The very concept of such an algorithm was developed back in 1993. But then its task was to prevent DoS attacks and excessive network spamming. The point was that the computer submitting the request had to do some calculations to confirm it. And if this practically did not interfere with the usual pace of communication, then confirmation of tens and hundreds of requests seriously loaded the computer-intruder.
And in 2009 it became known that this algorithm was finalized to ensure the security of the world's first cryptocurrency Bitcoin network. Now it was called the “consensus algorithm” and served to guarantee the reliability of new blocks of information added to the blockchain. The idea itself turned out to be extremely effective, so almost all modern cryptocurrencies to varying degrees use the Proof-of-Work algorithm.
How does it work?
In short, the individual network nodes will search for solutions to the complex equation determined by the contents of the block — the hash as fast as possible. This process requires significant computing power, and in this regard - and electricity. However, checking the correctness of this solution is much simpler. Therefore, after the next node is the first to calculate the correct answer, the remaining network participants will be able to confirm the correctness of its calculations. And if it is correct - the node will receive the right to add a new block to the blockchain, and also - all the rewards in the cryptocurrency that will be stored in this block.
It is best to consider the operation of the Proof-of-Work algorithm on the simplest example - the operation of the Bitcoin network. Like other cryptocurrencies, the flow changes some features of the algorithm as they see fit.
So there is a decentralized network. All nodes in it are equal, that means they have equal rights and have no advantages over each other. Active nodes are called miners - they are the ones who are looking for a solution to the equation. To do this, they need to guess or pick up a pseudo-random number nonce. If it is passed through a hash function, along with the information contained in the block, then the desired result should be obtained - the block hash. When this number is found, the other participants in the network simply substitute it into the function to make sure the solution is correct.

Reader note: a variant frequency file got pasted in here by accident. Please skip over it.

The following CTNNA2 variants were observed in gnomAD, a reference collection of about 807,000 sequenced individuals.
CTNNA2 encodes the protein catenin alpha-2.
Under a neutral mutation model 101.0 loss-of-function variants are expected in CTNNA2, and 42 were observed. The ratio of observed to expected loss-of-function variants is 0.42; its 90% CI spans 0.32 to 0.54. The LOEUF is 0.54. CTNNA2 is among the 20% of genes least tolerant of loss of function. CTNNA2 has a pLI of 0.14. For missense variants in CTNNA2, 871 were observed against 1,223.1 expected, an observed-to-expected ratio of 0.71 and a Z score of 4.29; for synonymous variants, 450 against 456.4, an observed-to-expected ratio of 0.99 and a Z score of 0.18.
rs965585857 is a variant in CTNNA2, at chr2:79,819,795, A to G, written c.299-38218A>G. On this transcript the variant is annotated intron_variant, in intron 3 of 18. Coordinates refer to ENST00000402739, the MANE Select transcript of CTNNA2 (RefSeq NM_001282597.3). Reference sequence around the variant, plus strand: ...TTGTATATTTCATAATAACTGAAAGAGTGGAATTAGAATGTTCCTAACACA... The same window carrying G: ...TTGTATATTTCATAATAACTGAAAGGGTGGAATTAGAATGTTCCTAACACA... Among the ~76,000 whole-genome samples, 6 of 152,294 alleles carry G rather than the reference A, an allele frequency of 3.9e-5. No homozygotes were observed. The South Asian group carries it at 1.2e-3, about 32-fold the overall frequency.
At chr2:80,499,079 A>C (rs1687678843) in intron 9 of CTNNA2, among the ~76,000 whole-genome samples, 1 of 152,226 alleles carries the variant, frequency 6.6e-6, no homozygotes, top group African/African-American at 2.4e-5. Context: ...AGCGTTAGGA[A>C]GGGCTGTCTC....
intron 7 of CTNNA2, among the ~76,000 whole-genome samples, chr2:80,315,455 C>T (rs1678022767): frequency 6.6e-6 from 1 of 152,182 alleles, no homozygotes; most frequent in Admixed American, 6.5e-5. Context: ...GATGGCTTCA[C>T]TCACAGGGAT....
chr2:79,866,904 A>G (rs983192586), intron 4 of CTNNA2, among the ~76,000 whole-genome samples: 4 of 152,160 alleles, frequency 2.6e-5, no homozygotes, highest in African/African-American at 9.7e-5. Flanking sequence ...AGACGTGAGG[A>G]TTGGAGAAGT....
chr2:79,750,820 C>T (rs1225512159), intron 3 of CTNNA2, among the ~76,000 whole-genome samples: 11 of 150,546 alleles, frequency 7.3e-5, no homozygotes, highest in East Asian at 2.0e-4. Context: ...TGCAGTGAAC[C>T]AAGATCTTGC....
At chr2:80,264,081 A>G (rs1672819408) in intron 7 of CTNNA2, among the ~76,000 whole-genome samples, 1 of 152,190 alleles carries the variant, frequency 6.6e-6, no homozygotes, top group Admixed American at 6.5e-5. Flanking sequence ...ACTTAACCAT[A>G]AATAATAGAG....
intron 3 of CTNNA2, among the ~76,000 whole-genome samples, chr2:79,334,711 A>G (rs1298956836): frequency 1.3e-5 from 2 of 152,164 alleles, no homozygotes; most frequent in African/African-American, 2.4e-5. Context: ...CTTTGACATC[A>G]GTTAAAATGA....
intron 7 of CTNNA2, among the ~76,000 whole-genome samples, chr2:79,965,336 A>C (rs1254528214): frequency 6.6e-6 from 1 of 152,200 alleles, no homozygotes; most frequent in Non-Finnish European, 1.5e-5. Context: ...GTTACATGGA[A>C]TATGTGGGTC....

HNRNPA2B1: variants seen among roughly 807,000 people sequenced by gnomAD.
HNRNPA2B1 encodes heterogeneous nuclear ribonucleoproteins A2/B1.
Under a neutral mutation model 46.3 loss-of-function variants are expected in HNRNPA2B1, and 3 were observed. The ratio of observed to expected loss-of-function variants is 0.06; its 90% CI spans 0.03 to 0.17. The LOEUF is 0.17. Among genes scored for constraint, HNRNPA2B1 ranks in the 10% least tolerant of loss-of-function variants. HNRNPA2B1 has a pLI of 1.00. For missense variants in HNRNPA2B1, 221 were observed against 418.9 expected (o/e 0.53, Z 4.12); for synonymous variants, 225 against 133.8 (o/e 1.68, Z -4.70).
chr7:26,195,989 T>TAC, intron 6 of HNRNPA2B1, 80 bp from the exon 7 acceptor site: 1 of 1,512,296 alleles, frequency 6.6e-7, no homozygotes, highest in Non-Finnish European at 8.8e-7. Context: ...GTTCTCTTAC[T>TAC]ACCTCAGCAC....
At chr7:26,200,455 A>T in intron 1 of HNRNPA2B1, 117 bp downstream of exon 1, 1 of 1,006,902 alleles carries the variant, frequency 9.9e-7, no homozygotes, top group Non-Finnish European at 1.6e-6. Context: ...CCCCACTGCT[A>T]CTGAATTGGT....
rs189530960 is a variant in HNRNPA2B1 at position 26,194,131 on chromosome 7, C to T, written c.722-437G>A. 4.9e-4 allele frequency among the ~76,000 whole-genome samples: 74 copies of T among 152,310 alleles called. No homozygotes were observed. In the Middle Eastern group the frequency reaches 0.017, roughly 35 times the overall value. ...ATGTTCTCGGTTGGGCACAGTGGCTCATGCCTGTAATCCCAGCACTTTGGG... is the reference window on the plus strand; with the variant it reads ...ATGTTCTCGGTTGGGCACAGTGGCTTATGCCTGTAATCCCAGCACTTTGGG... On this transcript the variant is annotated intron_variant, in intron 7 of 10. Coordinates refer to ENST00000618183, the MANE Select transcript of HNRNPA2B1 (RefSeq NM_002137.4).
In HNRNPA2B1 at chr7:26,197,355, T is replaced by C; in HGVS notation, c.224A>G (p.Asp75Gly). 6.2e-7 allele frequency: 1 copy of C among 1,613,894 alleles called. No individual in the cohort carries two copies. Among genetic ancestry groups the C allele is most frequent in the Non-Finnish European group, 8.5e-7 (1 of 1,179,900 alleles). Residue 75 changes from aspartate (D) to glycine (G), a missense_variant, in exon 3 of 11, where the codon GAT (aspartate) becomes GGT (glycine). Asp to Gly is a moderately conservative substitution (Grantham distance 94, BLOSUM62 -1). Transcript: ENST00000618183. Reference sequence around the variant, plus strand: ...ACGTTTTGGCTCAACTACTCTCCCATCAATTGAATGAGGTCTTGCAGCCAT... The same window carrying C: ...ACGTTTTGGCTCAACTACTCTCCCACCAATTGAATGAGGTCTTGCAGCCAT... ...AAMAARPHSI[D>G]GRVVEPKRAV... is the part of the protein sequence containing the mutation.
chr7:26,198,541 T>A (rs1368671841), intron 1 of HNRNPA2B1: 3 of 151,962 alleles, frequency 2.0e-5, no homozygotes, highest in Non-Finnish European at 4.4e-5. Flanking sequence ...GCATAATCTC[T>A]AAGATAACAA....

You cannot add a new block to the blockchain until you find this nonce number, which is also called the “one-time code”. And each new confirmed block contains information about the hash of the previous block, which ensures their logical and cryptographic connection. And since to get this new block you need to do the computational work, the algorithm is called Proof-of-Work - “confirmation of work”.
This algorithm ensures that the contents of the blocks will not be faked. And that the blocks really contain information related to the previous blocks of the chain. To successfully simulate the reliability of a block, about 51 percent of the processing power of the entire network is required, which is incredibly difficult to provide. The following situation arises - more than half of the computing power begins to build a chain based on a false block. And since the system itself is organized in such a way that shorter alternative chains are automatically removed, in this situation, the “reliable” branch will also be removed.
The main problem of the Proof-of-Work algorithm is the need to use expensive equipment (for example, the latest generation video cards) and a large amount of electricity. And despite the total colossal computing power of a decentralized network, it cannot be used for anything else but to calculate a one-time code.
But despite this, the Proof-of-Work algorithm is still the simplest, most reliable and widespread way of confirming the authenticity of cryptocurrency transactions. And the currently available alternatives are just starting to gain popularity. Will they be able to become a full-fledged and convenient alternative - time will show. Still, cryptocurrencies, as a phenomenon, are developing not so long for making clear forecasts.